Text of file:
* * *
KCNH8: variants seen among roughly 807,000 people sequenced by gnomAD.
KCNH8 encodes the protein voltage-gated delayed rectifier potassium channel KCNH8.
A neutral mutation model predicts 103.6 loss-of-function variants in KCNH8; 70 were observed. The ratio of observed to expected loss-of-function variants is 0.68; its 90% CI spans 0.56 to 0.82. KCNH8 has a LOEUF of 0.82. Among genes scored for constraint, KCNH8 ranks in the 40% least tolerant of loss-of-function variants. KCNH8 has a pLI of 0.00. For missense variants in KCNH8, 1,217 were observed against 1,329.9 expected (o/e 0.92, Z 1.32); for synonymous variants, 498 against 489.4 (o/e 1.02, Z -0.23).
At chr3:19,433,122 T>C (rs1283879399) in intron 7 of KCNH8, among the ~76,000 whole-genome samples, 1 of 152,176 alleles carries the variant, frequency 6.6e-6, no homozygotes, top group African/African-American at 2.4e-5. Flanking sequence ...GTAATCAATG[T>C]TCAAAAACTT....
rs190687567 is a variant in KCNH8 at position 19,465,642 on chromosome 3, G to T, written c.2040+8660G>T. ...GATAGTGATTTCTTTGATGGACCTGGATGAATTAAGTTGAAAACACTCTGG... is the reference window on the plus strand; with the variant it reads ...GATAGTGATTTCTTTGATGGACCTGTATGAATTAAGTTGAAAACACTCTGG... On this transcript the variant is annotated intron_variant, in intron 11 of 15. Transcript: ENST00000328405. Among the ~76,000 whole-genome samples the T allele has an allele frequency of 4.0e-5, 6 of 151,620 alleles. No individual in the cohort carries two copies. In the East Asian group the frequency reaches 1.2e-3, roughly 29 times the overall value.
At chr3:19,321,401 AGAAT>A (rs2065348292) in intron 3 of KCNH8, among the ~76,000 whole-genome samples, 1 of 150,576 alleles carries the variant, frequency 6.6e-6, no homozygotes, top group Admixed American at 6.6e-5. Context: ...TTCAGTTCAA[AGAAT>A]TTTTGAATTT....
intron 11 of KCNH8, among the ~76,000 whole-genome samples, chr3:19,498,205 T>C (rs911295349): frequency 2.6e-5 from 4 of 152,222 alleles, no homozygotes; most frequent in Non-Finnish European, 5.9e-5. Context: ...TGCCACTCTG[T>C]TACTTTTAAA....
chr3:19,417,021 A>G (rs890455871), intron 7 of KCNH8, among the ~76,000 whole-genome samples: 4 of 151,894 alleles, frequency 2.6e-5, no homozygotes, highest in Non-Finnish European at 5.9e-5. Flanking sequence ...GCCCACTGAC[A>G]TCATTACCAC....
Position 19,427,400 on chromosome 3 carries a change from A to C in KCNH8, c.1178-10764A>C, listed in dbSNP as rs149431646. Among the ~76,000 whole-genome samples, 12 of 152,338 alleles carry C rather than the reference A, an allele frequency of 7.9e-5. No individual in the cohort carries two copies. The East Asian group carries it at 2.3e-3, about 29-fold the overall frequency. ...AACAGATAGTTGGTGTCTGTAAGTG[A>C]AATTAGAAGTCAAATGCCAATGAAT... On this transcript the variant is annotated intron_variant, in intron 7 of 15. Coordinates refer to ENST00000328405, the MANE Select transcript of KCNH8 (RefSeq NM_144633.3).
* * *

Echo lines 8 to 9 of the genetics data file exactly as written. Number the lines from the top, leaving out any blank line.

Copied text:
chr3:19,417,021 A>G (rs890455871), intron 7 of KCNH8, among the ~76,000 whole-genome samples: 4 of 151,894 alleles, frequency 2.6e-5, no homozygotes, highest in Non-Finnish European at 5.9e-5. Flanking sequence ...GCCCACTGAC[A>G]TCATTACCAC....
Position 19,427,400 on chromosome 3 carries a change from A to C in KCNH8, c.1178-10764A>C, listed in dbSNP as rs149431646. Among the ~76,000 whole-genome samples, 12 of 152,338 alleles carry C rather than the reference A, an allele frequency of 7.9e-5. No individual in the cohort carries two copies. The East Asian group carries it at 2.3e-3, about 29-fold the overall frequency. ...AACAGATAGTTGGTGTCTGTAAGTG[A>C]AATTAGAAGTCAAATGCCAATGAAT... On this transcript the variant is annotated intron_variant, in intron 7 of 15. Coordinates refer to ENST00000328405, the MANE Select transcript of KCNH8 (RefSeq NM_144633.3).